Once upon a time, this was a topic banned from polite conversation. But because of the myriad choices manufacturers present us with, discuss it we must.
We’re talking about toilets here.
Still with us? Here are some things to consider if you’re buying a new one.
Need to know: How well does it flush? Flushability is determined by how successfully the design works within federal standards mandating a reduction in the number of gallons of water needed. The law reduced the amount to 1.6 gallons from 3 or 7 gallons, but the first versions of the low-flow toilets did not do the job as designed. Needing to flush a low-flow more than once defeats the purpose of the law.
Be sure to ask: What alternatives are available? For example, a dual-flush toilet offers a 1-gallon-or-less flush for liquid waste, 1.6 gallons for solid waste. Most newer models replace the rubber flapper, which is prone to degrading, with a silicon gasket and calibrated plunger. Their bowls and trapways have been redesigned to work better.
There’s still debate over whether the “wash-down” flush, which relies on gravity and a wide trapway, or the “siphonic,” which uses suction and a narrow passage, works best, but all you want to know is whether one flush will do it. Some single-flush, low-flow toilets use pressurized air to force water into the bowl. Pressure-assisted toilets are noisier than gravity-flush models, and some must be plugged into an electrical outlet.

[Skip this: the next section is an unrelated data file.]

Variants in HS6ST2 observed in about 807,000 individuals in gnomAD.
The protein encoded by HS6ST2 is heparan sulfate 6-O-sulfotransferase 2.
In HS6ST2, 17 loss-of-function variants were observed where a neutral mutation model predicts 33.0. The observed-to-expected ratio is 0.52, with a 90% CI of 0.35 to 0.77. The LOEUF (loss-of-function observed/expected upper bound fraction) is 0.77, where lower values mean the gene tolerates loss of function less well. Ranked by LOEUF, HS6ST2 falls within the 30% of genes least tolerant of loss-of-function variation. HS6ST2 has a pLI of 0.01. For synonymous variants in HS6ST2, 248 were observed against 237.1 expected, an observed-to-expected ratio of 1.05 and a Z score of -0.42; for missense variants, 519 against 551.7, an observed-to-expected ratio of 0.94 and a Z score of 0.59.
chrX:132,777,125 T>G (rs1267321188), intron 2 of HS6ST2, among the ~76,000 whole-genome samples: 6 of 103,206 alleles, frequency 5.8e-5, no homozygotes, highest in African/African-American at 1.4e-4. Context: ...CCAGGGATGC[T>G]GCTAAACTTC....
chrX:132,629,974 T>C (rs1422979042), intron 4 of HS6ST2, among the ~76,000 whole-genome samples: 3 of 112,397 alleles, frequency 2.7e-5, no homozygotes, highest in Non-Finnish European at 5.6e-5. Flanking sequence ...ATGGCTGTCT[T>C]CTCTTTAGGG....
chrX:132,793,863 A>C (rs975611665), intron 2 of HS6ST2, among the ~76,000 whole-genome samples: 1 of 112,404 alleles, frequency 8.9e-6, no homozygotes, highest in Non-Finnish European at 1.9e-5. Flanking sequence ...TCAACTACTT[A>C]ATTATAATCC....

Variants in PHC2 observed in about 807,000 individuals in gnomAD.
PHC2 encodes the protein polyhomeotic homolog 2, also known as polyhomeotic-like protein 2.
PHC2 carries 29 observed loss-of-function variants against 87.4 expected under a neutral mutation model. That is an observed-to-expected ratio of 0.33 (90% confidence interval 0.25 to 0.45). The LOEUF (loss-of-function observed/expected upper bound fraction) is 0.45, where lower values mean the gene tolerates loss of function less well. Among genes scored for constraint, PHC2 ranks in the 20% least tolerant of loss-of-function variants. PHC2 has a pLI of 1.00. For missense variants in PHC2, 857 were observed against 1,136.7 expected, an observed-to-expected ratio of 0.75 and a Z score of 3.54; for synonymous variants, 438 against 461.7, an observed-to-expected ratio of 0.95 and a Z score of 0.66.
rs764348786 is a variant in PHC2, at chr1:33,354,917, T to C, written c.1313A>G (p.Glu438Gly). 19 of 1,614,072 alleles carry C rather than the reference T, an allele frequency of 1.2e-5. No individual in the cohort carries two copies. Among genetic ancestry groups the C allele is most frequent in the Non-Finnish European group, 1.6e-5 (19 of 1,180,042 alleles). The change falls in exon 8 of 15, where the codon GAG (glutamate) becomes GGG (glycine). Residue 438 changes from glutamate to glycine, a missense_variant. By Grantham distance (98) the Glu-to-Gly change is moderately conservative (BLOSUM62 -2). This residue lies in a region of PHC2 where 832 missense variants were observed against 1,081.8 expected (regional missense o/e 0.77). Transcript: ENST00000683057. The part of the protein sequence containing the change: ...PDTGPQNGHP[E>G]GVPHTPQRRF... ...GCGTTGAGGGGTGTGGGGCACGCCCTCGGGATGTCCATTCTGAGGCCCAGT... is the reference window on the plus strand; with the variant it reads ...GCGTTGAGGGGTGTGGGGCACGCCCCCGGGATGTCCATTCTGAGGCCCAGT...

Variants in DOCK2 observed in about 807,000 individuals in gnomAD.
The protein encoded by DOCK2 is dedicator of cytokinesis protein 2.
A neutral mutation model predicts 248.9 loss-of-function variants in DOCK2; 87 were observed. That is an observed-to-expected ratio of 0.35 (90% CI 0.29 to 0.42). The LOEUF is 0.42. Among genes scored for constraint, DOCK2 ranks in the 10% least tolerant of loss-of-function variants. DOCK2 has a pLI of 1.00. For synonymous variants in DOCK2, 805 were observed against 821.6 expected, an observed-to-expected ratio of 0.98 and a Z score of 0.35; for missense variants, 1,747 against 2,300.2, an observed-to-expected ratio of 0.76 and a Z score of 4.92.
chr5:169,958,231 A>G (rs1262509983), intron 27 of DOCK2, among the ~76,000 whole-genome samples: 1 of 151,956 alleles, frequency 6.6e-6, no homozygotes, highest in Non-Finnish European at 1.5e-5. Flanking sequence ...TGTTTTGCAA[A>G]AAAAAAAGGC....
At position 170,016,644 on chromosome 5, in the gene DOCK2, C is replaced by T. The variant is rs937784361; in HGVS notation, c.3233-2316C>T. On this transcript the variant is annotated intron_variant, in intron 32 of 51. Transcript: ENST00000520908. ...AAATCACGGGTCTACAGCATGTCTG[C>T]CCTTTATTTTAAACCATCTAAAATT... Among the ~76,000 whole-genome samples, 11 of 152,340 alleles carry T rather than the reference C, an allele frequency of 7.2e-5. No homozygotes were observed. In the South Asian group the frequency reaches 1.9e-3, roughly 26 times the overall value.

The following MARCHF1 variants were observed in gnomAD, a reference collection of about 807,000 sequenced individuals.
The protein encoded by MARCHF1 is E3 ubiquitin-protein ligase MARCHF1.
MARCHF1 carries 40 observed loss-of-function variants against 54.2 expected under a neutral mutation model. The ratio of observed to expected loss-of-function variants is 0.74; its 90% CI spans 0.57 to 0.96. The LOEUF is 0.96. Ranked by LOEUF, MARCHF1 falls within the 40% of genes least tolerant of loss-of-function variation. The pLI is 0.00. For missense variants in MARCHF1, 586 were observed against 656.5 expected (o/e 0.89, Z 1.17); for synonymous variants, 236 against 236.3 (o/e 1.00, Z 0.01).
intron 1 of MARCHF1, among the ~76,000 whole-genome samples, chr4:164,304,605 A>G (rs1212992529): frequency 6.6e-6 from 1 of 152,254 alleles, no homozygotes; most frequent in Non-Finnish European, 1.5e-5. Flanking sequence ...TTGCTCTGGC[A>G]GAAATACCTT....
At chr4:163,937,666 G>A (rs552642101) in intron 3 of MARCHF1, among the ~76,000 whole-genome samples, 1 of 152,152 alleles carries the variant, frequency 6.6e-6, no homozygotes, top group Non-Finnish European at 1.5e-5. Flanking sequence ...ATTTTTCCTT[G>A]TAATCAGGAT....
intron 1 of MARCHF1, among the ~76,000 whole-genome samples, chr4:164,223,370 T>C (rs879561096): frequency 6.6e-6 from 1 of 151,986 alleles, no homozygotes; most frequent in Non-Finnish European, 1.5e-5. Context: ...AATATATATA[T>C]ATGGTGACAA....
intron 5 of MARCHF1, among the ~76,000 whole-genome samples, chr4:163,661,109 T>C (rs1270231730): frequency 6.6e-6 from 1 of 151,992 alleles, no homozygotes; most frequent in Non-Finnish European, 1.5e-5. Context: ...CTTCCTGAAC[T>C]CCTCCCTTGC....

Good advice: Low-flow toilets with larger trapways work better. (Trapways can be found on both sides of the toilet; they look like tubes).
One piece or two? In two-piece toilets, bowl and tank are separate entities; one-piece models combine them. A one-piece toilet is easier to clean because there’s no crevice between the tank and the bowl. Some toilets come with sanitary bars that prevent liquid from collecting under the tank at the back of the bowl.
Size (and shape) matters: Toilets are available in several different dimensions, depending on the amount of clearance to the wall behind the toilet needed to connect the water line. Twelve inches is the most common.
Round toilets are smaller and save space. Elongated, or oval, toilets provide a larger seating area, but they’re 2 inches longer, so be sure your space can accommodate an oval.
Older buyers may prefer a bowl that is between 14 and 17 inches above the floor, for more comfortable use.
What will it cost: There are a lot of cheap toilets available, and you get what you pay for. Some toilets will last 30 years or more, but the experts put the average at 10 to 15 years. The fixture itself will last much longer than its parts, which need regular replacement.
Depending on how it flushes — vacuum, pressure-assist, gravity, and single- or dual-flush — a typical home toilet can run $150 to $400.